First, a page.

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Springer Journals
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Copyright © 2012 by Ó Céilleachair et al.; licensee BioMed Central Ltd.
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Medicine & Public Health; Gastroenterology; Internal Medicine; Hepatology
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1471-230X
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10.1186/1471-230X-12-62
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22676509
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Abstract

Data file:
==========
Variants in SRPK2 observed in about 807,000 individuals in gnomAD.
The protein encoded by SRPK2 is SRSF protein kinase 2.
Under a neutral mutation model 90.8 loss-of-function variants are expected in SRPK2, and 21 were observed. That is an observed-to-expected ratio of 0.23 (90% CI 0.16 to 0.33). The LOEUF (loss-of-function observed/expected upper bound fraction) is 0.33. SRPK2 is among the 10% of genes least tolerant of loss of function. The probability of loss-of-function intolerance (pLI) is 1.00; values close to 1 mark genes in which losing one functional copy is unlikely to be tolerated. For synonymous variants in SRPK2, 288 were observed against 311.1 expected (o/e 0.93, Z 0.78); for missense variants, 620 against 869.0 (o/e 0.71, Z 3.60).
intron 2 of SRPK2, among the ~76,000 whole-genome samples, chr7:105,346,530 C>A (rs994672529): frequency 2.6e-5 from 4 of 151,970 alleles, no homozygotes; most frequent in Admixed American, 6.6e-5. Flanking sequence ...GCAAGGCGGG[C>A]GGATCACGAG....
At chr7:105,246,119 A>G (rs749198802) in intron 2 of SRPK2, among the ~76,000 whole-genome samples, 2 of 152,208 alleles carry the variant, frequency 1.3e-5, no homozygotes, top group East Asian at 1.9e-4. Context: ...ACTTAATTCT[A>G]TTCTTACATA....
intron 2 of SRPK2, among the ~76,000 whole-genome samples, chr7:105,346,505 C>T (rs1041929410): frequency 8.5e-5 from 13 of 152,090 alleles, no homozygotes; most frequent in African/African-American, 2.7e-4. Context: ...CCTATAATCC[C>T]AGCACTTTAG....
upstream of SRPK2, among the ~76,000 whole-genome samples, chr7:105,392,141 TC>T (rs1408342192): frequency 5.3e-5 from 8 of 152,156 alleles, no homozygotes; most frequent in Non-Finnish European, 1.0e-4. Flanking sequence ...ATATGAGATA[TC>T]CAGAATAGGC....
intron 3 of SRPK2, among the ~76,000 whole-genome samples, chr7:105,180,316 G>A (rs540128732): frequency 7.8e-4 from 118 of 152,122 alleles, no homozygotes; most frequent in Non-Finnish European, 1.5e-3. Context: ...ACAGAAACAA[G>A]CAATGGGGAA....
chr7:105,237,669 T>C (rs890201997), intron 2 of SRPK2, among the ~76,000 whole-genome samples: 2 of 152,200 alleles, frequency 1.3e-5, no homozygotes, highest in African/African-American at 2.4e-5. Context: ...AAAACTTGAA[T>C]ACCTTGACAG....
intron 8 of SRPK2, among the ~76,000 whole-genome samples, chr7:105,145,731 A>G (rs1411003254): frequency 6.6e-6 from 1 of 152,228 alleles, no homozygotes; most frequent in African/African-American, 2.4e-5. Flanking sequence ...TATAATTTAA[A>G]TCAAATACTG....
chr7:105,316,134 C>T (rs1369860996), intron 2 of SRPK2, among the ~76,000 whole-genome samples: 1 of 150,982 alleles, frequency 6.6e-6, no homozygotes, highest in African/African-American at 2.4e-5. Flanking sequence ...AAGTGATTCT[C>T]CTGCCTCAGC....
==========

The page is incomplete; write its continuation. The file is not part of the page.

Background: While the evidence-base concerning the economic impact of cancer for patients and their families/ carers has grown in recent years, there is little known about how emotional responses to cancer influence this economic impact. We investigated the economic costs of cancer in the context of patients’ emotions and how these both shaped the patient and family burden. Methods: Health professionals from six hospitals invited patients diagnosed with colorectal cancer (ICD10 C18-C20) within the previous year to take part in the study. Semi-structured face-to-face interviews were conducted with patients and, where available, a family member. Interviews covered medical and non-medical costs incurred as a result of cancer and the impact of these on the lives of the patient and their family. Interviews were audio- recorded. Recordings were transcribed verbatim and these data were analysed qualitatively using thematic content analysis. Results: Twenty-two patients with colorectal cancer (17 colon and 5 rectal; 14 women and 8 men) were interviewed; 6 were accompanied by a family member. Important cancer-related financial outlays included: travel and parking associated with hospital appointments; costs of procedures; increased household bills; and new clothing. Cancer impacted on employed individuals’ ability to work and depressed their income. The opportunity cost of informal care for carers/family members, especially immediately post-diagnosis, was a strong theme. All patients spoke of the emotional burden of colorectal cancer and described how this burden could lead to further costs for themselves and their families by limiting work and hindering their ability to efficiently manage their expenses. Some patients also spoke of how economic and emotional burdens could interact with each other. Support from employers, family/carers and the state/health services and patients’ own attitudes influenced this inter-relationship. Conclusions: The economic impact of colorectal cancer on patients and their families is complex. This study suggests that the economic costs and the emotional impact of cancer are often related and can exacerbate each other, but that various factors can meditate this inter-relationship. Keywords: Colorectal cancer, Costs & cost analysis, Patients, Caregivers, Social support, Employment * Correspondence: a.oceilleachair@ncri.ie National Cancer Registry Ireland, Cork, Ireland National Cancer Registry, Building 6800, Cork Airport Business Park, Kinsale Road, Cork, Ireland Full list of author information is available at the end of the article © 2012 Ó Céilleachair et al.; licensee BioMed Central Ltd. This is an Open Access article distributed under the terms of the Creative Commons Attribution License (http://creativecommons.org/licenses/by/2.0), which permits unrestricted use, distribution, and reproduction in any medium, provided the original work is properly cited. Ó Céilleachair et al. BMC Gastroenterology 2012, 12:62 Page 2 of 10 http://www.biomedcentral.com/1471-230X/12/62 Background issues, such as travel difficulties, emerge more strongly More than one million people are diagnosed with colo- here than in other settings. rectal cancer (CRC) worldwide each year (Parkin, 2005). The disease is responsible for more than half a million Methods deaths annually, mostly in developed countries [1,2]. Setting Due to population ageing in developed countries, num- The public health system in Ireland is available to all but bers of CRC cases are rising and are expected to con- most pay for GP appointments, prescription drugs and tinue rising in the coming years [2,3]. Survival too has make co-payments towards the cost of inpatient stays. been increasing [4]. As a result of these trends more Possession of a medical card covers these costs and co- people are living for longer with the disease. payments. Medical cards are means-tested for people This increase in new cases and survivors has implica- under 70 and, for most of the study period, were univer- tions for health services, patients and their families, and sally available to those aged 70 and older. Cancer society as a whole. The National Cancer Institute esti- patients without a medical card at the time of diagnosis mated that the direct medical, indirect morbidity and in- may apply for a card afterwards on hardship grounds. direct mortality costs of cancer in the United States in The typical cost of a GP appointment is €50. The most 2010 totalled over $260 billion [5]. CRC is thought to commonly-held private PHI plans cost in the region of constitute more than 10% of this burden in the USA [6]. €1,000 per adult per annum and cover hospital in-pa- Emerging evidence from other settings also suggests the tient stays, but not necessarily outpatient or primary health services cost associated with CRC are significant care visits. The maximum co-payment a patient without [7-11]. As more people require treatment and treat- either a medical card or PHI can make for an inpatient ments become more expensive, these costs are likely to stay is €75 per day, up to a maximum of €750 in any 12 increase. Evidence too has emerged, though in lesser consecutive months. Public and private hospitals are quantities, on patient costs. One study estimated that often co-located and movement by patients between the time costs relating to treatment alone over a CRC two is common. Approximately half of the population is patient's lifetime are in excess of $4,500 [12]. To date, covered by PHI, 30% possess a medical card and 27% studies of patient-borne costs have considered time and have neither [24]. travel, out-of-pocket expenses (both medical and non- medical) and employment issues [12-14], although, in most instances, these have been assessed in isolation Subjects from each other, despite the fact that patients may ex- The study was part of a larger programme of work in- perience costs concurrently. Furthermore, much of the vestigating the overall economic impact of colorectal previous research has been performed against the back- cancer. Subjects were recruited from six hospitals which drop of either predominantly publicly-funded [13,15-17] included large Centres of Excellence [23], specialist on- or privately-funded healthcare systems [12,18]. cology units and hospices. Patients were eligible if they Other costs of cancer for patients and their families in- had been diagnosed with a primary, invasive CRC (ICD clude the emotional costs, which may be severe. Patients 10: C18-C20) within the previous 12 months. Sampling and caregivers may experience fear, anxiety, depression was purposive to ensure diversity of age, gender, disease and anger [19-21]. While studies have examined the eco- extent, treatment pathways, residence characteristics nomic and emotional consequences of CRC, to the best (urban or rural) and employment situations. of our knowledge there has been no investigation of the There was no relationship between the investigators inter-relationships between the two. Given the complex and participants before the study began. Clinicians and nature of both of these burdens it is possible that there specialist nurses involved in the care of CRC patients are important dynamics at work which might not be eas- assisted with recruitment by making initial approaches ily detected using quantitative research methods. to potentially eligible individuals. They explained the Using a qualitative approach, we aimed to investigate study and provided an information sheet which the broad spectrum of economic and emotional conse- described the study aims in general terms (i.e. to investi- quences faced by CRC patients, the inter-relationships gate the economic impact of cancer on patients and between these and meditating factors. The setting was their families). Details of those who were potentially Ireland, which is one of the few countries where a uni- interested in taking part were forwarded to the research versal access health system coexists with private health team, one of whom contacted them by post and/or insurance (PHI) and where patients are free to move be- phone to confirm their willingness to be interviewed and tween the two. Moreover, the dispersed nature of the arrange an interview date and location. Where appropri- population [22] in conjunction with the ongoing central- ate, and with the agreement of the patient, the re- isation of cancer services [23] could mean that patient searcher also invited a family member (generally a Ó Céilleachair et al. BMC Gastroenterology 2012, 12:62 Page 3 of 10 http://www.biomedcentral.com/1471-230X/12/62 spouse) involved in providing care or support to the pa- each theme were identified across transcripts. A cross- tient (a carer) to be interviewed. comparative approach was taken, referring back and forth between the raw data, the codes and the emerging Interviews themes throughout the process of analysis, in order to Interviews were conducted between August 2007 and confirm and validate conclusions drawn. Information on October 2009. They were face-to-face, took place in a lo- the impact of cancer on carers was provided by both the cation of the participant’s choosing (usually the patient’s carers themselves and also by the patient where the home), and lasted 60–90 minutes. Where present, carers carer was not present. were interviewed alongside the patient. Interviews were Transcripts were not returned to interviewees and conducted by two team members (AOC, CF) who were they were not invited to provide feedback on the study’s already employed as researchers on the programme on findings, though they were offered a summary of the the overall economic impact of cancer. They had both study results. undergone training in qualitative methods and specific- ally in conducting interviews with cancer patients (Clin- Ethical approval ical Research Collaboration Cymru training programme). Approval for the study was obtained from the research Before the interview, participants were given another ethics committees covering the six hospitals from which chance to review the information sheet and ask any subjects were recruited, namely: Our Lady’s Hospice questions they might have. They then provided signed Harold’s Cross Research Ethics Committee; the Clinical informed consent. Research Ethics Committee of the Cork Teaching Hospi- Interviews were semi-structured around a topic guide. tals (for Cork University Hospital and Mercy University This guide was informed by literature review, discus- Hospital); St Luke's Hospital Research Management sions with health professionals, a brainstorming session Committee; St Vincent’s Healthcare Group Ethics and with a national bowel cancer support group and semi- Medical Research Committee; and Galway Research Eth- structured interviews with hospital-based oncology so- ics Committee (site specific approval for University Col- cial workers that were conducted for a parallel study in- lege Hospital Galway). volving patients with other cancers [25]. The topic guide covered: the socio-demographic characteristics of the pa- tient and their family; the patients’ care pathway; the Results economic consequences of cancer for patients and their Characteristics of participants family/carers; and the emotional impact of cancer. In total, 22 patients and 6 carers (4 spouses and 2 No repeat interviews were conducted. The inter- daughters) were interviewed. Patients’ characteristics are viewers liaised at several points during the course of the shown in Table 1. They ranged in age from 44 to 82; 17 fieldwork to discuss data saturation. Recruitment ceased had been diagnosed with colon cancer and 5 with rectal once new themes/issues stopped emerging. cancer; 14 were women and 8 men; 13 lived in urban areas while 9 were from more rural parts of the country. Analysis With the participants’ consent, interviews were recorded Themes and transcribed verbatim. Written notes of participants The major themes that emerged from the interviews were also taken by the researchers during interviews. An were: out-of-pocket costs (both medical and non-med- experienced qualitative researcher (LC) undertook the ical), “making ends meet” (i.e. managing financially), the analysis. This was a phenomenological study, in which role of family and friends, services and entitlements, and emphasis was placed on the subjective meaning for indi- emotional costs (Figure 1). viduals surrounding their experience [26], with the aim of exploring, in detail, how participants made sense of their personal and social world [27]. A thematic content Out-of-pocket costs analysis was conducted. All themes were derived from Most respondents had a medical card, PHI, or (in some the data and not determined in advance. Interviews were instances) both, and were largely satisfied with the cover coded and analysed manually, to facilitate an iterative these provided. None of those with a medical card approach, keeping track of individual experience, and reported any costs relating directly to their hospital care, how different factors and themes impact on this experi- GP visits or prescription items. However, some patients ence. Recordings and transcripts were listened to and with PHI found themselves having to pay substantial read repeatedly. Codes and themes were identified amounts for outpatient appointments and for proce- through these repeat readings and review of the tran- dures/tests. In some cases the type and extent of these scripts. Converging and diverging representations of costs was an unwelcome surprise. Ó Céilleachair et al. BMC Gastroenterology 2012, 12:62 Page 4 of 10 http://www.biomedcentral.com/1471-230X/12/62 Table 1 Participant characteristics the difficulties they experienced in using public trans- VARIABLE GROUPING N port, especially because of journey length or treatment side-effects. Cancer site Colon: 17 Rectal: 5 [It took] at least an hour, yeah. ... It [the bus] leaves Age less than 50 years: 2 at ten to nine, oh more than an hour. It would be 50-59 years: 2 nearly two. Around 11 [o’clock] you get there, with all 60-69 years: 12 the stops and stuff (Pt020). 70 and older: 6 Sex female: 14 Interviewees appreciated the efforts of some hospitals male: 8 to provide free transport and/or parking. However the Area of residence urban:13 limitations of such schemes (scarcity in the case of park- rural: 9 ing and journey length in the case of free transport) sometimes rendered them functionally useless because Medical card at time of interview yes: 16 patients were so frail. no: 6 Private health insurance at diagnosis yes: 9 They’d provide me with transport if I wanted. ... You no: 13 could be two or three hours driving. And you wouldn’t Employment status at diagnosis retired: 13 be able for that, you know? (Pt037). working: 8 unemployed: 1 Some respondents had increased utility bills following Received sick-pay from employer yes: 6 diagnosis, particularly for the telephone and heating. no: 2 They noted that this was because they were at home not applicable: 14 more and because (neo)adjuvant therapies could make them more susceptible to feeling cold. For some, these Marital status married: 13 extra costs caused real hardship. single: 3 divorced: 1 Our bills last year.. .were €370. He was so cold. .. . widow(er): 4 [It’s] gas and we would have .. . lighting as well. ... cohabiting: 1 And the heating on as well. .. .Oh God it [The cost] ‘Urban’ includes those residing in cities; ‘rural’ includes all other patients 2 was dreadful. Really dreadful (Spouse of PT007). One participant had neither health insurance nor a medical card. Other household expenses, such as home alterations required because of limitations in mobility following That’s the number of visits we have – eight visits treatment (for example, one family had to build a down- altogether. Eight visits to consultants and that would stairs extension as the patient could no longer manage have come to a cost of €960 and the insurance paid the stairs), could be very high, but were incurred by few €640 of that (Pt019). patients. Almost all patients described how treatment- I had probably three or four ultrasounds and scans. related changes in their bodies, such as weight loss, and/ €200 a pop (Pt004). or accommodating a stoma made it necessary for them to buy new clothes. The associated costs ranged from in- Those without medical cards noted that regular post- cidental to burdensome (when an entirely new wardrobe treatment GP visits constituted a substantial ongoing was required). cost. Some also paid the full contribution of €85 per month to a publicly-subsidised prescription drug scheme Making ends meets when purchasing supportive medications. Several items Eight interviewees were working at diagnosis. Six of had to be paid for in full by all respondents, most com- these interviewees received some sick pay from their monly over-the-counter painkillers and mouthwash for employers and all were very appreciative of employer chemotherapy-induced ulcers. These were not regarded understanding, both in terms of time off and sick pay as significant expenses by patients. provision. Despite this support, all employed participants, Travel costs to and from the hospital for treatment including those who received sick pay, noted a drop in were important for all interviewees, especially so for income post-diagnosis; in some cases the drop was sub- those who had chemotherapy and/or radiotherapy, be- stantial. This was particularly so in situations where an cause this required more hospital visits. Some spoke of individual had to retire early or work fewer hours. Ó Céilleachair et al. BMC Gastroenterology 2012, 12:62 Page 5 of 10 http://www.biomedcentral.com/1471-230X/12/62 friends in keeping their business going. One described how his son took annual leave to help on the farm fol- lowing the initial diagnosis while ongoing support was provided by his wife and a neighbour. Those who took time off work were anxious to return as soon as possible. Being on a reduced income was keenly felt. One interviewee sought to bring forward his surgery so that he could get back to work sooner. I said [to the consultant] ‘I’m not worried about the cancer .. . however, I do have a financial concern.’ Because he was saying ‘If I can’t get you an early December [surgery date] .. . we’ll leave it until January or maybe February.’ So more months waiting, more months on half pay. So he said ‘I’ll definitely get you in regardless, by early December’ (Pt012). For those not working at diagnosis, the financial and economic impact of cancer was even more pronounced; Figure 1 Themes arising from interviews with patients and carers. these individuals generally had smaller pre-diagnosis incomes and cancer-related costs could have a severe So I have stopped working in the afternoon. .. . I impact, reducing their means considerably. One patient reckon I lost €4,000. You know eight months at about described how the high cost of hospital parking meant €500 (Pt015). that she could not afford a cup of tea in the canteen. Another noted: Two respondents who were working at diagnosis retired immediately. Both were unhappy with having to And then we’d have to be getting coffees and that up leave work but felt compelled to do so. there [the hospital] sometimes and a sandwich, you know .. . So it cost a pretty packet (PT034). I worked in childcare. I was in the running of a pre- school. .. . I had to give it up. I didn’t have to but I Some described having to cut back on spending to felt, I was advised there was a risk of infection with make ends meet. Some used their savings, and found small children. .. . And then – it’s a very physical job. that savings accumulated over years could be exhausted They all need lifting (Pt025). very quickly. Some carers also took time off work following the Well I just had a bit of money put by. It wasn’t diagnosis. For some, this leave was unpaid or had to be much.. . Take €50 from it. .. . Take [another] €50 and taken as part of holiday entitlements. In one instance, it would be gone then before you knew where you were where the patient was receiving palliative care, his (Pt007). daughter left her job to become his full-time carer. A few interviewees were self-employed and a cancer Savings could also function as a buffer allowing fam- diagnosis could be especially challenging for them. Gen- ilies to maintain their standard of living in the face of erally, these individuals felt pressure to continue working increased expenditure and/or reduced income. regardless of their health, even though it might be diffi- cult to cope. One entrepreneur described how his diag- I would've been in a bad way, I’d say, if I hadn’t have nosis nearly caused his business to fold. had them savings behind. We can live the lifestyle we’re used to because of those savings. .. . Imean But ...I had got behind...obviously sending out they’re dwindling now but, thank God I had them accounts.. ..I was only half functioning and it took a (Pt034). while and that’s where I got in trouble you know (Pt004). The role of family and friends All patients received some practical support from fam- Those in other areas of self-employment such as farm- ilies and/or friends. This took many forms including ing were able to draw on the support of family and help at home or with travel; support in the form of Ó Céilleachair et al. BMC Gastroenterology 2012, 12:62 Page 6 of 10 http://www.biomedcentral.com/1471-230X/12/62 regular visits while the patient was in hospital/convales- for a medical card unduly arduous and embarrassing. cing; or financial assistance. Some patients came to rely Such feelings were shared by those who had been suc- on this support, especially with respect to travelling to cessful in their application and those who had not. and from hospital. Emotional support was also provided. Patients noted that a carer could sometime have a great It [the medical card] was a bit hard to get. .. . Very, impact on their wellbeing through the security provided very hard. .. . They [the community welfare officers by knowing that they (the carer) were there if needed. who adjudicate on applications] really humiliate you. Patients were very appreciative of the practical and emo- It’s horrible (spouse of Pt007). tional support they received. Some poor experiences resulted from conflicting or They [ my sons and daughters] organised a kind of a confusing information about entitlements. roster. .. . So that there would be somebody in hand. As it happened when I got out after the blockage I have a friend working in the Health Board ..... I problem, my wife took sick herself. She got a blessed remember at the time she had said to me that I should virus which really debilitated her and again the family be entitled to a temporary medical card. . .. . When I had to organise and cook lunch or dinner for us, you went about it, I got a very negative kind of reaction. know. (PT026). And I was told “no” (Pt016). my daughter is in Y. And she works up here in X. And she loops around to make sure [I’m ok].. .if one of Patients’ attitudes affected the way in which they them isn’t checking on me the other one is. I am well engaged with services. One participant had, based on minded (PT009). personal experiences, a negative opinion regarding bene- I’d be lost without [my daughter]. (PT034). fits of any kind and did not seek support even where he knew it was available. The role of family and friends in providing support was most pronounced for older respondents, especially You’ve only gurriers and gougers living around here. where infirmity meant the patient’s spouse was unable to They’re drunk seven days a week and work is a dirty provide help. In contrast, there was also a strong sense word. And yet I don’t know how I missed out on it [A among older patients that they needed to preserve their perceived easy life on benefits]. St. Vincent de Paul is independence. sending them to Wales for the summer. Not for two weeks, three weeks and where does PT007 go? (PT007). I’d say “I’m fine” and then my neighbour next door, she would insist on driving me in [to the hospital]. It was Others viewed benefits as entitlements following a life- driving me mad because I only had to go to the end of time of social insurance contributions and were comfort- the hill to get the bus.... But I was fine and it’s nice to able accessing services or applying for benefits. One have a bit of independence. (Pt009). patient spoke of an active process of informing herself. Patients were mindful that the support they received I’m very good about whatever is there .......all the often protected them from a whole range of expenses services are there and you would be a fool if you didn’t that they would otherwise have had to bear. In some [take them up] (PT009). instances, they described how the support meant they could preserve their savings. All agreed that without this The emotional impact of colorectal cancer support their situation would have been much more All patients spoke about the emotional cost of CRC challenging. for them and their families. Even where economic issues were not a cause of worry in and of themselves, the Services & entitlements emotional consequences took their toll. In the main, patients were knowledgeable about the vari- ous potential supports that might be available to them Financially, I had a good packet in the job, you know, within the health and social welfare system, such as the so I’m not destitute by any stretch of the imagination. drug payment scheme or medical cards. This awareness But I mean in terms of emotional stress and strains, came from a number of sources including health care stuff like that, this illness has cost us (PT034). providers and prior knowledge. Patients who were taking advantage of these services were quite happy with the Accessing health and social services could also cover provided. However, a number of difficulties were cause emotional strain, because of unhelpful or in- described. Some patients found the process of applying sensitive staff, or due to the specific circumstances or Ó Céilleachair et al. BMC Gastroenterology 2012, 12:62 Page 7 of 10 http://www.biomedcentral.com/1471-230X/12/62 requirements. For example, one patient was, unexpect- It could have been more [money spent] .. . See, I never edly, required to pay for scans before the results would kept notes. .. . See, I usually keep notes but I was so ill be released. She described feeling threatened by this. for him, that my mind.. . [was not as focused] Some patients described how a lack of public know- (PT007). ledge or understanding of CRC could lead to social em- barrassment. One patient described taking the bus home Discussion after chemotherapy: Our patients covered a range of ages, disease stages, care journeys, personal circumstances and socio-economic And I asked the bus driver would he close the door. backgrounds. Colorectal cancer affects men and women Oh God. He turned around to the rest of the bus [and in approximately equal measure; therefore we were able said] ‘This lady wants to close the door and we’re all to ensure that gender perspectives on cancer and its eco- dying with the heat, she says she’s cold.’ .. . Oh God. nomic and emotional impacts were considered. Our sam- And I just wanted to explain ‘I’m not just cold, I’m ple included several people whose cancer was no longer sick.’ (PT025). curable (, though none was at the very end of life). The issues faced by these patients were not fundamentally dif- For families too, the emotional impact of cancer could ferent to those of other patients who were cancer-free. be significant. Often family members or carers had other The inclusion of carers and family members in our study stressors in their lives (such as pregnancy and moving added their perspective to that of patients and provided house) and the cancer diagnosis represented an added more insight into the experiences of patients themselves. emotional burden. Usually, carers’ perspectives are investigated separately from that of patients [12,15,16,18,19,28,29]. Markman et It’s putting more pressure on them[family members or al (2010) [30] did explore cancer-related out-of-pocket carers] and they are worried about you and everything costs from the perspective of the family as a whole but else (Pt009). this study did not consider the multi-dimensional na- ture of the economic impact of the disease. The qualita- Interviewees described how the economic and emo- tive nature of our study allowed us to extend the tional impacts of cancer were inter-related, both posi- existing body of evidence on “costs” of cancer (in its tively and negatively. One patient felt compelled to retire widest sense) and explore both economic and emotional early from employment and was left with a deep sense costs, how these interact, and how patient and family of injustice about this. Another, who was successful in experiences, attitudes, and external supports influence applying for a medical card, described the difference this them. These issues would be unlikely to emerge from a made to her emotional wellbeing. quantitative study. In recent years, a consensus has begun to emerge I got ill just after I retired. .. . It wasn’t fair. Because regarding the core components of the economic burden all I done all my life was work, from the time I was of cancer for patients and their families [13,30,31]. Can- eleven years old. In those days you didn’t pay tax or cer-related expenses may include treatment costs (par- PRSI (Pt007). ticularly in private healthcare systems), treatment-related That was such a blessing to get that medical card travel and parking costs, household costs, and personal because it took [away] an awful lot of pressure and care costs (such as clothing). However, much of the pre- worry. (Pt025). vious literature pertains to breast and prostate cancer; CRC has been relatively under investigated. The age and In addition, the emotional strain could cause new eco- socio-economic distribution of CRC differs from breast nomic concerns, on top of those resulting directly from the and prostate cancer and treatment patterns differ [32], cancer diagnosis. In one instance a spouse who had already making it possible that the nature of costs and their im- taken annual leave to be with her husband around the time pact on patients will differ. In fact, our findings were of his diagnosis and treatment was forced to take more largely consistent with the literature, suggesting that, at leave as a result of the emotional strain she had endured. least in part, the mere fact of having a cancer is what impacts on patients economically, irrespective of the She was quite upset. So she took that day completely type of cancer. Furthermore, it is worth noting that pri- off work. And there was scattered days she took off, you vate health insurance did not provide any protection know (Pt012). from non-medical costs; all patients we interviewed bore such costs. For others, the stress that cancer caused meant they Although economic costs are important in and of were less able to keep track of day-to-day spending. themselves, the interplay between these costs and the Ó Céilleachair et al. BMC Gastroenterology 2012, 12:62 Page 8 of 10 http://www.biomedcentral.com/1471-230X/12/62 Figure 2 Conceptual model of interrelationship between economic and emotional consequences and mediating factors. emotional toll of CRC upon patients and their families is importance. Our results would suggest that patients of equal importance. It is clear from this study and experience these issues not just in directly monetary others that cancer causes emotional strain for patients terms but in relation to how they impact on their own and their families [31,33]. Moreover, some have shown lives and those of their families. that financial distress in cancer patients can also cause Sick pay has previously been shown to be an import- emotional difficulties [34,35]. Our study suggests that ant determinant of work resumption post-cancer in Ire- this is a two-way relationship (see Figure 2). Not only land [36]. This study reveals that it is an important can economic strain cause emotional distress, the emo- mediator of the economic-emotional impact of the dis- tional toll of colorectal cancer has the potential to influ- ease. With adequate sick pay, the loss of income was ence the economic situation of the patient and caregiver greatly reduced and this in turn meant that patients wor- beyond the effect of the diagnosis itself. This gives rise ried less about their financial situation; hence financial to a situation where a family could face a direct eco- stress was not added to the stress due to the cancer nomic loss from cancer that was exacerbated by further diagnosis and could not exacerbate any existing eco- economic losses relating to their emotional state follow- nomic issues for the patient. On the other hand, in some ing diagnosis. This in turn could cause yet more emo- instances, the consequences of being absent from work tional problems. This negative feedback between with inadequate sick pay were such that they influenced economic and emotional consequences of cancer has the treatment decisions. This finding is consistent with the potential to make difficult situations even worse. existing literature [37,38]. Our findings further suggest that the factors that The availability of familial support can also impact on can exacerbate, alleviate, moderate or prevent this the emotional-economic strain for patients [39]. Using negative feedback loop are multi-faceted. The patient’s qualitative methods, Bradley et al [31] examined the role employment circumstances and income are of major of family and friends in providing economic support, but Ó Céilleachair et al. BMC Gastroenterology 2012, 12:62 Page 9 of 10 http://www.biomedcentral.com/1471-230X/12/62 did not consider the wider implications of this support and Our Lady’s Hospice, Harold’s Cross. We also thank the clerical support staff at the National Cancer Registry who transcribed the audio recordings of on patient wellbeing. In our study, patients frequently the interviews. Finally, we would like to thank the patients and their families spoke at great length about the things that family and and friends who took the time and effort to speak to us about their friends had done to improve their lives, or to show that experiences. they cared, or to help out financially. This meant that, Author details 1 2 through the attention of family/friends, patients often National Cancer Registry Ireland, Cork, Ireland. National Economic and avoided a great degree of economic outlay and emo- Social Council, Parnell Square, Dublin 1, Ireland. School of Public Health, Physiotherapy & Population Science, University College Dublin, Dublin, tional strain. The importance of support provided by Ireland. School of Economics and Geary Institute, University College Dublin, family in this study is consistent with findings of another Dublin, Ireland. School of Nursing, Dublin City University, Dublin, Ireland. Irish study of breast, prostate and lung cancer patients National Cancer Registry, Building 6800, Cork Airport Business Park, Kinsale Road, Cork, Ireland. [25] and may reflect strong family cohesion in Ireland [40] compared to other countries in northern Europe. Authors’ contributions Further research would be valuable in clarifying whether AÓC developed the topic guide, liaised with clinical and nursing staff, the role of family support is as strong in other settings. arranged and conducted the patient interviews. He contributed to the analysis of the interview transcripts and drafted the paper.CF liaised with Patients themselves could influence the cycle of eco- clinical and nursing staff, arranged and conducted patient interviews and nomic and emotional strain by engaging with available commented critically on the paper. LC contributed to the analysis and health and social welfare services. A small number of interpretation of the interview transcripts and commented critically on the paper. AT contributed to design and implementation of the study methods, patients had received conflicting or wrong information development of the topic guide, and commented critically on the paper. PF on their entitlement to supports, especially medical contributed to design and implementation of the study methods and cards. This often led to confusion and embarrassment commented critically on paper. KK contributed to design and implementation of the study methods and commented critically on the for patients when they were informed that their applica- paper. AS contributed to design and implementation of the study and tion for support had failed. Evidence from the UK sug- commented critically on the paper. LS contributed to design and gests that benefits available to cancer patients often go implementation of the study, the development of the topic guide, analysis and interpretation of the interview transcripts, and assisted with writing the unclaimed [34], meaning that patients and their families paper. All authors read and approved the final manuscript. are assuming unnecessary burdens. This observation, to- gether with our findings, suggests that more and better Received: 24 June 2011 Accepted: 7 June 2012 Published: 7 June 2012 communication with cancer patients regarding their entitlements is needed. 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Moffatt S, Noble E, Exley C: "Done more for me in a fortnight than Submit your next manuscript to BioMed Central anybody done in all me life." How welfare rights advice can help people and take full advantage of: with cancer. BMC Health Serv Res 2010, 3(10). 35. Sharp L, Carsin AE, Timmons A: Associations between cancer-related financial stress and strain and psychological wellbeing among • Convenient online submission individuals living with cancer. Psychooncology, . in press. • Thorough peer review 36. Sharp L, Timmons A: Social welfare and legal constraints associated with • No space constraints or color figure charges work among breast and prostate cancer survivors: Experiences from Ireland. J Cancer Surviv, . in press. • Immediate publication on acceptance 37. Hofstatter EW: Understanding patient perspectives on communication • Inclusion in PubMed, CAS, Scopus and Google Scholar about the cost of cancer care: a review of the literature. 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